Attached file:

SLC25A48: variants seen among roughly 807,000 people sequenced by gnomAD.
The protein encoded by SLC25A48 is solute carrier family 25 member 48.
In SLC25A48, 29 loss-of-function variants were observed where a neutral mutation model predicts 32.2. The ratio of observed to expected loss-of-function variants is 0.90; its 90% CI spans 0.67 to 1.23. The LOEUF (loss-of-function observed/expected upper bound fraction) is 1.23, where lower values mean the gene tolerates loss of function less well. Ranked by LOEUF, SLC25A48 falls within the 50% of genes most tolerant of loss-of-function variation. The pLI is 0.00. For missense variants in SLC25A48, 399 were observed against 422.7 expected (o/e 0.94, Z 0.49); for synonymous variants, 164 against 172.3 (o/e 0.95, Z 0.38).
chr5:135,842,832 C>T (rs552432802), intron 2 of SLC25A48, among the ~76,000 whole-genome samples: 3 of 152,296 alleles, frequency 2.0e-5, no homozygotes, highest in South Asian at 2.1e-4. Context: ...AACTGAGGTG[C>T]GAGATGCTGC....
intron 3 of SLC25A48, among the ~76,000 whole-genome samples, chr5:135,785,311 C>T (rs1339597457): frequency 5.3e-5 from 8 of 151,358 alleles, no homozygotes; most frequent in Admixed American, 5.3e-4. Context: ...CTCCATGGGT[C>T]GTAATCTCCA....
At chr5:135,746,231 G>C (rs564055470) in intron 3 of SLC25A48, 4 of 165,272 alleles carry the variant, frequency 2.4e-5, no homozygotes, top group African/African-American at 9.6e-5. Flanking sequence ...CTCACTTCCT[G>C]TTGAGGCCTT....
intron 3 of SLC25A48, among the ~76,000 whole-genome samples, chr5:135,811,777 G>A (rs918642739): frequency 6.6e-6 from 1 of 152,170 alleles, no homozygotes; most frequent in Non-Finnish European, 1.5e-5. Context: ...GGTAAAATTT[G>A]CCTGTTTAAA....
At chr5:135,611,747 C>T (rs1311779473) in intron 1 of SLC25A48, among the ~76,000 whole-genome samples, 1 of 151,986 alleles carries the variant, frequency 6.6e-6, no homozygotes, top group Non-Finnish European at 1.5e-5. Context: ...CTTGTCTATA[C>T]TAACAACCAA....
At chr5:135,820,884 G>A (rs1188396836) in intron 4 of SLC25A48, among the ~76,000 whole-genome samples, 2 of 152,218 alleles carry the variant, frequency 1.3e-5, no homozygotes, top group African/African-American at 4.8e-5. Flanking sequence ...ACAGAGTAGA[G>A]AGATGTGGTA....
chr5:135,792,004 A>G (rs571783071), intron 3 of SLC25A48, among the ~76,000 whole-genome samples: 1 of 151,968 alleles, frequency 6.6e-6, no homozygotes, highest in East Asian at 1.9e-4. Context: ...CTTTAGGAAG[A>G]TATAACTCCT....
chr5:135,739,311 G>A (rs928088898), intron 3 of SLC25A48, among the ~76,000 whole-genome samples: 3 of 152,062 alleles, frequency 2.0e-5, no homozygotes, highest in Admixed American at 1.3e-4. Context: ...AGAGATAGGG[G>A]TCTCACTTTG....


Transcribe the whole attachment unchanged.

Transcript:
SLC25A48: variants seen among roughly 807,000 people sequenced by gnomAD.
The protein encoded by SLC25A48 is solute carrier family 25 member 48.
In SLC25A48, 29 loss-of-function variants were observed where a neutral mutation model predicts 32.2. The ratio of observed to expected loss-of-function variants is 0.90; its 90% CI spans 0.67 to 1.23. The LOEUF (loss-of-function observed/expected upper bound fraction) is 1.23, where lower values mean the gene tolerates loss of function less well. Ranked by LOEUF, SLC25A48 falls within the 50% of genes most tolerant of loss-of-function variation. The pLI is 0.00. For missense variants in SLC25A48, 399 were observed against 422.7 expected (o/e 0.94, Z 0.49); for synonymous variants, 164 against 172.3 (o/e 0.95, Z 0.38).
chr5:135,842,832 C>T (rs552432802), intron 2 of SLC25A48, among the ~76,000 whole-genome samples: 3 of 152,296 alleles, frequency 2.0e-5, no homozygotes, highest in South Asian at 2.1e-4. Context: ...AACTGAGGTG[C>T]GAGATGCTGC....
intron 3 of SLC25A48, among the ~76,000 whole-genome samples, chr5:135,785,311 C>T (rs1339597457): frequency 5.3e-5 from 8 of 151,358 alleles, no homozygotes; most frequent in Admixed American, 5.3e-4. Context: ...CTCCATGGGT[C>T]GTAATCTCCA....
At chr5:135,746,231 G>C (rs564055470) in intron 3 of SLC25A48, 4 of 165,272 alleles carry the variant, frequency 2.4e-5, no homozygotes, top group African/African-American at 9.6e-5. Flanking sequence ...CTCACTTCCT[G>C]TTGAGGCCTT....
intron 3 of SLC25A48, among the ~76,000 whole-genome samples, chr5:135,811,777 G>A (rs918642739): frequency 6.6e-6 from 1 of 152,170 alleles, no homozygotes; most frequent in Non-Finnish European, 1.5e-5. Context: ...GGTAAAATTT[G>A]CCTGTTTAAA....
At chr5:135,611,747 C>T (rs1311779473) in intron 1 of SLC25A48, among the ~76,000 whole-genome samples, 1 of 151,986 alleles carries the variant, frequency 6.6e-6, no homozygotes, top group Non-Finnish European at 1.5e-5. Context: ...CTTGTCTATA[C>T]TAACAACCAA....
At chr5:135,820,884 G>A (rs1188396836) in intron 4 of SLC25A48, among the ~76,000 whole-genome samples, 2 of 152,218 alleles carry the variant, frequency 1.3e-5, no homozygotes, top group African/African-American at 4.8e-5. Flanking sequence ...ACAGAGTAGA[G>A]AGATGTGGTA....
chr5:135,792,004 A>G (rs571783071), intron 3 of SLC25A48, among the ~76,000 whole-genome samples: 1 of 151,968 alleles, frequency 6.6e-6, no homozygotes, highest in East Asian at 1.9e-4. Context: ...CTTTAGGAAG[A>G]TATAACTCCT....
chr5:135,739,311 G>A (rs928088898), intron 3 of SLC25A48, among the ~76,000 whole-genome samples: 3 of 152,062 alleles, frequency 2.0e-5, no homozygotes, highest in Admixed American at 1.3e-4. Context: ...AGAGATAGGG[G>A]TCTCACTTTG....